How to Freeze Spinach
Freeze fresh spinach leaves—homegrown or store-bought—to create your own dark leafy green to flavor hot dishes and smoothies.
Can you freeze spinach? You definitely can, and the result serves fabulous flavor when you start with freshly picked leaves. You won’t be able to serve the thawed product in fresh salads, but frozen spinach is versatile in the kitchen. Learn how to freeze spinach, along with easy ways to use the final product.
Start with homegrown or locally raised spinach for the freshest flavor. Check with vendors who sell spinach at your local farmers’ markets. Sometimes you can arrange to buy a large quantity. You might even want to take a trip to the farm. It’s always good to see where your food comes from—especially if you have children to bring along.
The flavor of fresh frozen spinach is leagues above most offerings in the frozen section of your favorite supermarket. Spinach leaves should be young and fresh. Avoid older, tough, limp, or yellowing leaves. They’ll produce a nasty taste and rubbery texture that no one will want to eat. On average, two pounds of spinach leaves yield one quart frozen.
Start the freezing process by washing spinach leaves. Triple rinsing them—dunking leaves into three separate batches of fresh water—usually removes all traces of dirt. After leaves are clean, remove stems as desired. Tear larger leaves into silver dollar-size pieces (roughly 1 to 2 inches across).
Blanch spinach leaves in boiling water or steam for two minutes, followed by soaking in ice water for the same amount of time. If you blanch leaves in boiling water, you’ll notice the water turns green. This is some of the nutrients leaching out of leaves. You can save this water and freeze it for stock or cooking grains, like rice or quinoa.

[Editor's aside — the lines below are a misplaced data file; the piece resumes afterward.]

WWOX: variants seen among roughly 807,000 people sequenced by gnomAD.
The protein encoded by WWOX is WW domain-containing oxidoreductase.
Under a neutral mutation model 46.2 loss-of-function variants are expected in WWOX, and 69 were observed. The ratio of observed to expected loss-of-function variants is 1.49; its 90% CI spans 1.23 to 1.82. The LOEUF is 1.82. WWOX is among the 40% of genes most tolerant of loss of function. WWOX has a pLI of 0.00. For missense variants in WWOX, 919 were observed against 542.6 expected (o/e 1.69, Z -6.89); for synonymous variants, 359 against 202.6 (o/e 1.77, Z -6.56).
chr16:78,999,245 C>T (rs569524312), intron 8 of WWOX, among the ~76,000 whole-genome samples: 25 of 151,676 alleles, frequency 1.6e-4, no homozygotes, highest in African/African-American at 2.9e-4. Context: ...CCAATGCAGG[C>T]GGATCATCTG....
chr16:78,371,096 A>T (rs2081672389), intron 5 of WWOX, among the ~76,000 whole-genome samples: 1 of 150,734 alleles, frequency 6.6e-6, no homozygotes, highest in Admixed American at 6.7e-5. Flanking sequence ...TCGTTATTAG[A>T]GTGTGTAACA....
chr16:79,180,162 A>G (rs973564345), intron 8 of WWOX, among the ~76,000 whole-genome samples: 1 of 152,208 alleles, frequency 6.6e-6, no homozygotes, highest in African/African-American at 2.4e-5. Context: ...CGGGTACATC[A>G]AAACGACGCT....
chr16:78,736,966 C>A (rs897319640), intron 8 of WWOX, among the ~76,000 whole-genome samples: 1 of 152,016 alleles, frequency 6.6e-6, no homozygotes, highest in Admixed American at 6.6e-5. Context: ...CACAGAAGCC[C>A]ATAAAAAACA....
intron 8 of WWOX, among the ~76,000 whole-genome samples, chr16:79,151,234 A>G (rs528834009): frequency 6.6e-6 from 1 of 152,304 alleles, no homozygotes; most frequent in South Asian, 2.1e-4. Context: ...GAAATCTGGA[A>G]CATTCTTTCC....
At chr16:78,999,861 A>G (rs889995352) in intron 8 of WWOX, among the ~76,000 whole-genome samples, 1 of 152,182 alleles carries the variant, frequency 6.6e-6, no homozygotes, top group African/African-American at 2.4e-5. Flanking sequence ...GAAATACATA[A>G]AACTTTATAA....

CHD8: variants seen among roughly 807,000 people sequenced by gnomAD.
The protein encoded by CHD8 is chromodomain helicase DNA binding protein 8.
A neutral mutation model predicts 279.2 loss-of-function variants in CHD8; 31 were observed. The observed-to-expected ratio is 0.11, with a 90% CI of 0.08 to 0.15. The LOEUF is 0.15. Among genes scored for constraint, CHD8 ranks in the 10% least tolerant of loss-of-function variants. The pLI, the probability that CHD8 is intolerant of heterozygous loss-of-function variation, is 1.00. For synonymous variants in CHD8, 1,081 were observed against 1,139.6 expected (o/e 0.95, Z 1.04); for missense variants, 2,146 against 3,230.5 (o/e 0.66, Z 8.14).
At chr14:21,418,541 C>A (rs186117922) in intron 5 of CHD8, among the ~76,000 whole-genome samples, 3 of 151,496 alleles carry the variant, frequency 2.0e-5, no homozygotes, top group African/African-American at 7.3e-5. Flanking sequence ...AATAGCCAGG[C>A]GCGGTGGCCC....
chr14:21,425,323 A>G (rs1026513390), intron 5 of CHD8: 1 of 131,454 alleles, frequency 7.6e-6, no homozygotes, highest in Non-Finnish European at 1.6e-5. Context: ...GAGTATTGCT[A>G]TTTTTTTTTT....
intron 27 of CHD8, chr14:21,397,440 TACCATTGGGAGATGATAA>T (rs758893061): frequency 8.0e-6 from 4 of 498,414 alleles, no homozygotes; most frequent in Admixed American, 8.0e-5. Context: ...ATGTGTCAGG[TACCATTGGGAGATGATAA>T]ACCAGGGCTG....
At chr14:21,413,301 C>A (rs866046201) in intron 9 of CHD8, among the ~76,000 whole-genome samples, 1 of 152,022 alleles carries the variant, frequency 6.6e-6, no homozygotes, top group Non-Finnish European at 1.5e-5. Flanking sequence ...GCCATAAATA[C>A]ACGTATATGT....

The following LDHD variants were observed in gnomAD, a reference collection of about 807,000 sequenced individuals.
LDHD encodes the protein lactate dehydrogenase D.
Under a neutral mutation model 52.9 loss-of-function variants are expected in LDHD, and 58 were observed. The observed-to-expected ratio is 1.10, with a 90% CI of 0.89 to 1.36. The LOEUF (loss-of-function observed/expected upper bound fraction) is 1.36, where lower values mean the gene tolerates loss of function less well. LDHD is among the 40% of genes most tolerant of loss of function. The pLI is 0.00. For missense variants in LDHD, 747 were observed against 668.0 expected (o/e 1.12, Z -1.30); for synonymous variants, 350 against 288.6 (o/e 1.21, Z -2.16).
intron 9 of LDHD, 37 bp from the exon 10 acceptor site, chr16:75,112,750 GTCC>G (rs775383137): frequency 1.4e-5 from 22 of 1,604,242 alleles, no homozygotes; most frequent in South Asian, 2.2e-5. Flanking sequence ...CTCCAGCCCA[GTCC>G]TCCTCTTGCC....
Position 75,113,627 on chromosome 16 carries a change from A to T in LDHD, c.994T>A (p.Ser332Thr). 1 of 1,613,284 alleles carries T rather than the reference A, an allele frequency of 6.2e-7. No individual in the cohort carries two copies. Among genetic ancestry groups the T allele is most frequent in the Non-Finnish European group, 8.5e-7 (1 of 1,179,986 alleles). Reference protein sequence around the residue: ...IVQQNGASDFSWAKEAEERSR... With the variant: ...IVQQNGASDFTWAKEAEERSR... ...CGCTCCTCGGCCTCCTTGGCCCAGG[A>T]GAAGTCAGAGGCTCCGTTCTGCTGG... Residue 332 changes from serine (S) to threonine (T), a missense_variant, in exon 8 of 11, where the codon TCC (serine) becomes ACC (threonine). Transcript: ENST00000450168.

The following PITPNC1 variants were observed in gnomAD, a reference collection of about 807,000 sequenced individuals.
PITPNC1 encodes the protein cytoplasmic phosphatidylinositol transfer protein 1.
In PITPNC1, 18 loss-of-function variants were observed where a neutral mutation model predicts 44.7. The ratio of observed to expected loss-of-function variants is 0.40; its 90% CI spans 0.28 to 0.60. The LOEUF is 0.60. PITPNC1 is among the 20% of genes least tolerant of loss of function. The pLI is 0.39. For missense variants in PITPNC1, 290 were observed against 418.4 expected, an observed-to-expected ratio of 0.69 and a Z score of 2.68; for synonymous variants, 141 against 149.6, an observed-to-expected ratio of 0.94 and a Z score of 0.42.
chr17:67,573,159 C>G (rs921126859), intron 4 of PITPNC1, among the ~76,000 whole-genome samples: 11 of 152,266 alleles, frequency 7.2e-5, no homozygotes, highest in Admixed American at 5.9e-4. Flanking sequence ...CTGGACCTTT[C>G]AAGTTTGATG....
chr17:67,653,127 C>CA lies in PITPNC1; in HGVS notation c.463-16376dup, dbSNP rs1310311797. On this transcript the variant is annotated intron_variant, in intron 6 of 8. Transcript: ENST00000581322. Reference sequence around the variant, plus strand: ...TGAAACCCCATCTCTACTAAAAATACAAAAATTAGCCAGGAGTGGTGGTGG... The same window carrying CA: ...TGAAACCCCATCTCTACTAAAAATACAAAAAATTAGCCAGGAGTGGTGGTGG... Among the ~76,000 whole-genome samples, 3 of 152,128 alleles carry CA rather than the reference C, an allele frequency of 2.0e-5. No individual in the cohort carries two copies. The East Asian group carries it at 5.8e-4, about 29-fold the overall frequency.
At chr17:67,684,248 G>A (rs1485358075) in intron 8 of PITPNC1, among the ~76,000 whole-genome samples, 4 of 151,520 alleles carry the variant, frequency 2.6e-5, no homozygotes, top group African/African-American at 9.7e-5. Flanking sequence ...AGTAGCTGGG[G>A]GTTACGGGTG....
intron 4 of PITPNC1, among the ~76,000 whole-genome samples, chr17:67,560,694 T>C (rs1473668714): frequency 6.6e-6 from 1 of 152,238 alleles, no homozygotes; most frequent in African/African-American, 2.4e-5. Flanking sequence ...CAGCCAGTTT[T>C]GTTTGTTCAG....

To keep as much nutrition in leaves as possible, steam blanch spinach leaves by placing them in a steamer basket that keeps leaves above the boiling water. Steam for two minutes. You don’t lose that many nutrients or minerals by blanching spinach in boiling water. Which method you use is really a matter of choice and convenience.
After removing spinach from ice water, spin it dry in a salad spinner or blot it on a thick towel. Stuff leaves into freezer bags, placing one to two cups of leaves per bag, depending on your desired portion size. Freezer burn occurs when frozen items are exposed to air, and spinach doesn’t taste well if it gets freezer burn. Try using a straw to suck out excess air around leaves before sealing bags. Place sealed bags in the freezer. Vacuum sealing systems work really well with spinach leaves.
Use frozen spinach within nine to 14 months for best quality. Add frozen spinach to soup or stock, casseroles, and stir fries. Frozen spinach also works well in dips, quiche, and pasta dishes. It brings flavorful nutrition to homemade egg rolls, meatballs, and marinara sauce.
If you know you’ll use your frozen spinach within six months, you can freeze it without blanching. This method yields more of a slimy product upon thawing. This frozen spinach works well in cooked dishes, but if you plan to use it as a stand-alone side dish, try a small batch before freezing a large portion without blanching.
Another way to freeze spinach is to puree it with water and freeze in ice cube trays. After cubes freeze solid, toss them in a freezer bag. Spinach cubes are the perfect addition to green smoothies. Or try tossing spinach cubes into sauces or stews. They also work well when cooking rice, quinoa, or barley.
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